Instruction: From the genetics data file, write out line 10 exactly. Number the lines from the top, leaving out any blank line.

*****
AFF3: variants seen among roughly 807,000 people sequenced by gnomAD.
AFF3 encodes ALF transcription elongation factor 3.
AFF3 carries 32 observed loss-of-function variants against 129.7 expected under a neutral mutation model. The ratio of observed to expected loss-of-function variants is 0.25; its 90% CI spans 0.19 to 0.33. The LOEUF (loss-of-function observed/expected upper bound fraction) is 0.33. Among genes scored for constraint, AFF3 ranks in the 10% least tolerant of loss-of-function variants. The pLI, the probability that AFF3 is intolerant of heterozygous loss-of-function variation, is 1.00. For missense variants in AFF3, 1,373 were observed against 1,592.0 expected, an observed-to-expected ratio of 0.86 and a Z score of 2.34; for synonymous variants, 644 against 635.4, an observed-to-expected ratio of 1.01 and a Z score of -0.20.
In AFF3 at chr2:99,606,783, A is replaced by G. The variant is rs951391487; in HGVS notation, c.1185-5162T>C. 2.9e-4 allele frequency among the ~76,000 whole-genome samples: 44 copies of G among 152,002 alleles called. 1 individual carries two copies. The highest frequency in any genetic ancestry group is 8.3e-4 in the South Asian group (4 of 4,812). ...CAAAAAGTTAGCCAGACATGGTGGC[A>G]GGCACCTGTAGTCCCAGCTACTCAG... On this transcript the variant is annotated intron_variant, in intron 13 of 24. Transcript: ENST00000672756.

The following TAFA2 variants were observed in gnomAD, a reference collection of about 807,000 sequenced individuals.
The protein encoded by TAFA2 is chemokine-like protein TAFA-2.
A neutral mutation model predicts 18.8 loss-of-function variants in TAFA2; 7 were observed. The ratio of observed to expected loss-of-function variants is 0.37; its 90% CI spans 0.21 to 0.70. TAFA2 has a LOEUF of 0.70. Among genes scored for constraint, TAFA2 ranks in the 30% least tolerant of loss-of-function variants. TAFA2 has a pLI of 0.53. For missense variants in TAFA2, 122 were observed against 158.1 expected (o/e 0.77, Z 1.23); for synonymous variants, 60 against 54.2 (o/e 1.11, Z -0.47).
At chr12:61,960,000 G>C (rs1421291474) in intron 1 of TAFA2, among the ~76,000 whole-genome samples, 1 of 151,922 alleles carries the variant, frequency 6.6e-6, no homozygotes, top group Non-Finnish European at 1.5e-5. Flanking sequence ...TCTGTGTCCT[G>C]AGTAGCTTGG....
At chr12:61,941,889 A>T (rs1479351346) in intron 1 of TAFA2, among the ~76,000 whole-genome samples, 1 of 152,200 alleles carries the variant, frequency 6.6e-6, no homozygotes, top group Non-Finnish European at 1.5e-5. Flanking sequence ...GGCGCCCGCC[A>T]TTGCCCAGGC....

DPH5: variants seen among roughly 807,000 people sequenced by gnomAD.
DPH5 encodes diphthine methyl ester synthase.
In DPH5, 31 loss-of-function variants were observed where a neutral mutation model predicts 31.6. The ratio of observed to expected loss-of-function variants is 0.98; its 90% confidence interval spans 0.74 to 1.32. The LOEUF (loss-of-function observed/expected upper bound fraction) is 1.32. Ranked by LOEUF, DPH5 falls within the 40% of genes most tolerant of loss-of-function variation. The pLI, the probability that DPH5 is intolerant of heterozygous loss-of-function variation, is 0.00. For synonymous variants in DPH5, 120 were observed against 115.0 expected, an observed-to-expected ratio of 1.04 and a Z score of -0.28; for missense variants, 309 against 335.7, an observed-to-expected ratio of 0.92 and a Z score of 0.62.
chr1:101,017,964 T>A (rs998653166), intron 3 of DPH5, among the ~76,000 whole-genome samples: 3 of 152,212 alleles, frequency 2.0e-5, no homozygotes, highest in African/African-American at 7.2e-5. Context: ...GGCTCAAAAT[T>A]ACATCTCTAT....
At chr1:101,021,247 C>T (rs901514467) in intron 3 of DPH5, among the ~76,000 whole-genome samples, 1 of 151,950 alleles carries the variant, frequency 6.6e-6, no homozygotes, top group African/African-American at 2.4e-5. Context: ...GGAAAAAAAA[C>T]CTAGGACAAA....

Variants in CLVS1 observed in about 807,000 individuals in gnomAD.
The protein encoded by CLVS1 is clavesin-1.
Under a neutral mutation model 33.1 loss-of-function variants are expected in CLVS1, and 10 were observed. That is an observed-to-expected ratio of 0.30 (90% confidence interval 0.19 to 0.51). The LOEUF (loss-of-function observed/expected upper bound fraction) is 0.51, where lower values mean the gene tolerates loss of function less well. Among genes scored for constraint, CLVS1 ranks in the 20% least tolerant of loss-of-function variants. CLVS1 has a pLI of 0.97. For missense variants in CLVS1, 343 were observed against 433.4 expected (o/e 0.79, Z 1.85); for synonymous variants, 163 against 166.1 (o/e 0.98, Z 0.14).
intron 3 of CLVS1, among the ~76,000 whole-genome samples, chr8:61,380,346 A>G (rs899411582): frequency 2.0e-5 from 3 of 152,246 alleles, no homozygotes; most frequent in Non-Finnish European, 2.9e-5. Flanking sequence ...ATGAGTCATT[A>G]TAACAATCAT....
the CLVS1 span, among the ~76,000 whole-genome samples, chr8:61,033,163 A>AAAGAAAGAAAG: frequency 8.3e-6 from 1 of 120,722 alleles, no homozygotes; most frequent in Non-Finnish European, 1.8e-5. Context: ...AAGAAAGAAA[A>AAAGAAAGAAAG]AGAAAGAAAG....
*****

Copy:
DPH5: variants seen among roughly 807,000 people sequenced by gnomAD.